Imagine you are at the airport gate waiting for a flight home on Christmas Eve, and an announcement is made: your flight has been overbooked. Even though the airline offers significant compensation, and even though you know this is a standard practice from which you benefit in the form of lower ticket prices, you are (probably) quite angry. Or imagine that you have ordered a custom bicycle from a high-end shop. Later you go to pick it up only to find out that the shop has sold it to someone else who made a better offer. Even though the shop refunds your money and offers you a valuable coupon, you remain angry and might resolve not to do business with the shop anymore.
Both examples are cases of "efficient breach," which law and economics scholars have powerfully argued should not be punished above and beyond standard compensatory remedies for contract breach. According to the standard account, these kinds of actions are in fact social-welfare maximizing (so long as the "victim" is compensated), so that even if we are (possibly irrationally) aggravated by them individually, we should permit and even celebrate them as a society, and at a minimum refrain from punishing them. At least doctrinally, this describes the law (at least in the US) - it does not entitle you to any extra compensation for these "willful" breaches of contract.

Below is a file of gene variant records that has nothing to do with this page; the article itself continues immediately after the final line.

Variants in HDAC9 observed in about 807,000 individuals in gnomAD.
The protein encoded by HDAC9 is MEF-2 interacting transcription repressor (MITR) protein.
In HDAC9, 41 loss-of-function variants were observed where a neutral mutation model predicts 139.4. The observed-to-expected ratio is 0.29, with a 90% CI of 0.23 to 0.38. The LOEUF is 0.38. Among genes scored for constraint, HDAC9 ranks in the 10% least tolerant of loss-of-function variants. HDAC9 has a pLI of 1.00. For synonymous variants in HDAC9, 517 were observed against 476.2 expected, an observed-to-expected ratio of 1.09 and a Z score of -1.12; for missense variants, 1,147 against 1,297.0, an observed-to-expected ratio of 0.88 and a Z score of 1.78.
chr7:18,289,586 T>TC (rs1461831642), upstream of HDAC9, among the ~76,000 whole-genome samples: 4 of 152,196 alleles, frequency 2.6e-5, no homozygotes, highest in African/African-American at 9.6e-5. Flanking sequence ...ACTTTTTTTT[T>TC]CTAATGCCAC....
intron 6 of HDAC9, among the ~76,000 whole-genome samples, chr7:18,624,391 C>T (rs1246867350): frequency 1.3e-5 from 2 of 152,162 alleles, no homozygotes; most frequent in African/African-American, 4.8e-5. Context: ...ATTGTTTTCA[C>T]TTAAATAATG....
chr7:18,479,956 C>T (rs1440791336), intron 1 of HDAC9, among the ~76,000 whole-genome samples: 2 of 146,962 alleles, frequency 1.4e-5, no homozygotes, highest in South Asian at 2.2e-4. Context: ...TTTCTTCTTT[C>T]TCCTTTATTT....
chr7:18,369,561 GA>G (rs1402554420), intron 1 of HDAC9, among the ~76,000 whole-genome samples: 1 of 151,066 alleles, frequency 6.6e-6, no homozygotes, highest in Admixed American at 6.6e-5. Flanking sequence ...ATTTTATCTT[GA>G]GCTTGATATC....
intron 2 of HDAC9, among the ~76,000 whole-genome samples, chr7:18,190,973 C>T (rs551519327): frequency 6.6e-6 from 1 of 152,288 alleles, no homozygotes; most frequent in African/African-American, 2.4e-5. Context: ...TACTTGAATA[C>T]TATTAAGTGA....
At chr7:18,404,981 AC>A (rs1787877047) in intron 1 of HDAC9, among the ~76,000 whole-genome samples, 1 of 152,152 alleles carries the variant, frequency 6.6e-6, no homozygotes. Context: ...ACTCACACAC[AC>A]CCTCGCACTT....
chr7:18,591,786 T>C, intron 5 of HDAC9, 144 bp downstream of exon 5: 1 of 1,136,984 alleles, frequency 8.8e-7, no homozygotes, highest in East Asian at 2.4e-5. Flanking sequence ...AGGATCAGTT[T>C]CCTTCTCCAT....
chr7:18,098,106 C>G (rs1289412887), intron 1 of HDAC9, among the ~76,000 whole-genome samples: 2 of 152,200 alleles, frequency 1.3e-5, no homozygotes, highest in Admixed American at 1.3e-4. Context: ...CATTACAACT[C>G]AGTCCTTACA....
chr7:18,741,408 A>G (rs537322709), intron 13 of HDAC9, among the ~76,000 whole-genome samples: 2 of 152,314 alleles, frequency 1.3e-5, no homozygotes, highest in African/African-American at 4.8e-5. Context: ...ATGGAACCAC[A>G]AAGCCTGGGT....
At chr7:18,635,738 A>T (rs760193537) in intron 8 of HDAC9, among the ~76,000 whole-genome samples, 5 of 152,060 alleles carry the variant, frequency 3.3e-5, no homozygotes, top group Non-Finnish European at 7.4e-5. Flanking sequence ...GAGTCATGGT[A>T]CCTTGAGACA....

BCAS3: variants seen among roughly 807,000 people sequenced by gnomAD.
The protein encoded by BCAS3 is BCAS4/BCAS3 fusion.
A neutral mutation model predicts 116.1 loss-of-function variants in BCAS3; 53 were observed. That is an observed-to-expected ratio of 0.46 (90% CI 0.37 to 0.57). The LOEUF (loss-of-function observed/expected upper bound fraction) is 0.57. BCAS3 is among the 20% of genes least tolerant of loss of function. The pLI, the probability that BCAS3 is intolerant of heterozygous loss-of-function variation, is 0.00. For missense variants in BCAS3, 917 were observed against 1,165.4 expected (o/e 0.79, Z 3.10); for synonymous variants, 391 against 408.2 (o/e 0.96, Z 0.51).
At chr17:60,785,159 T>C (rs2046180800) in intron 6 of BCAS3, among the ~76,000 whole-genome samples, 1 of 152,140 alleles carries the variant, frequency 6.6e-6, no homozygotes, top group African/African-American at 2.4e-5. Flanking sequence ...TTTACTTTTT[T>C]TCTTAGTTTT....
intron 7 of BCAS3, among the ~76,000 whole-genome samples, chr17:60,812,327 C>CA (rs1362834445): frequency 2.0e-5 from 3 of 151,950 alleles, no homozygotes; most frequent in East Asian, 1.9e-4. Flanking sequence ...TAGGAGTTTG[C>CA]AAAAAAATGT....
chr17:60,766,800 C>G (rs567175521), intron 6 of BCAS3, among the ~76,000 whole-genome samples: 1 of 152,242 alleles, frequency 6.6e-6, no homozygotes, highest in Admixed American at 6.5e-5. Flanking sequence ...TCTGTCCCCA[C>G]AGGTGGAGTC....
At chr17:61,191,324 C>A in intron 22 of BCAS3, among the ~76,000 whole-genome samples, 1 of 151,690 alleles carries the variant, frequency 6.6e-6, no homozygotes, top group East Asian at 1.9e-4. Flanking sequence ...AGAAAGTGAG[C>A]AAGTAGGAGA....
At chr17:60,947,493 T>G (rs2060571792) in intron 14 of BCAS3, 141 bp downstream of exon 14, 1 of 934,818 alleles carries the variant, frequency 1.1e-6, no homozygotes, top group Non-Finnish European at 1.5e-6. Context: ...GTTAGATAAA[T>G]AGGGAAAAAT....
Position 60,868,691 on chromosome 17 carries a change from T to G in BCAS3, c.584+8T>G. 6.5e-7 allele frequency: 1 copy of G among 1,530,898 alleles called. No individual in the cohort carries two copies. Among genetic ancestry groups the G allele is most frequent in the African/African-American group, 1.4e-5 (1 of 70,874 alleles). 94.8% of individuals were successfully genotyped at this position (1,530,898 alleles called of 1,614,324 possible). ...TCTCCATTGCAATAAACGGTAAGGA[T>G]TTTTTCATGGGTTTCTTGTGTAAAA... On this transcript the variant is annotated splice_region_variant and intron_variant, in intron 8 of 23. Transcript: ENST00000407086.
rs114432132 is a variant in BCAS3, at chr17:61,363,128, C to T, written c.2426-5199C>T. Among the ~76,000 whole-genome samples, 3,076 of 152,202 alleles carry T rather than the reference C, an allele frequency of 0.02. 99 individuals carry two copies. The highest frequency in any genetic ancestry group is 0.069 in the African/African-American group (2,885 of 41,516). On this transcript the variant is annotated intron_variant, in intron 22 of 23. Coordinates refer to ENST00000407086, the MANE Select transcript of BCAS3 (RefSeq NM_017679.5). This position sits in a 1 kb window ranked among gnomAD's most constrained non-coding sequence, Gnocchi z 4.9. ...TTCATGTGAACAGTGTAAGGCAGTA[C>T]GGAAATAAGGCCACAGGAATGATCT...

But this is not always true in practice - courts in the US often award punitive damages or similar remedies for breaches of contract characterized as willful. In other countries, particularly those with civil law systems, the law may explicitly provide for different penalties for willful and non-willful breach. Why doesn't practice match up with theory and doctrine? More deeply, why are even economists and others who pride themselves on rational thinking still aggravated by these kinds of behavior when they experience them?
Professor Omri Ben-Shahar has attempted to answer these questions in his paper (with Professor Oren Bar-Gill of NYU) "An Information Theory of Willful Breach," which he presented at this week's Works in Progress (WiP) talk at the Law School.
To greatly simply Prof. Ben-Shahar's analysis, he argues that those behaviors that we characterize as willful breach are penalized not because of something "bad" about them per se (the intuition that the economic analysis of efficient breach explicitly rejects), but because they signal other underlying behaviors that are both worth punishing and difficult or impossible to attack directly.
To illustrate this, Prof. Ben-Shahar returned to the airline overbooking example mentioned above. He suggested that we are angry about, and might punish, the overbooking practice not because it is "unfair" or otherwise blameworthy, but because it is indicative of an underlying, systematic failure to make good investments in and choices about consumer interests. In other words, his explanation goes, overbooking reflects (or at least might reflect) a general airline practice of "screwing" consumers that is both hard to catch and largely happens outside of the contractual context, where it can't be punished even if it can be detected.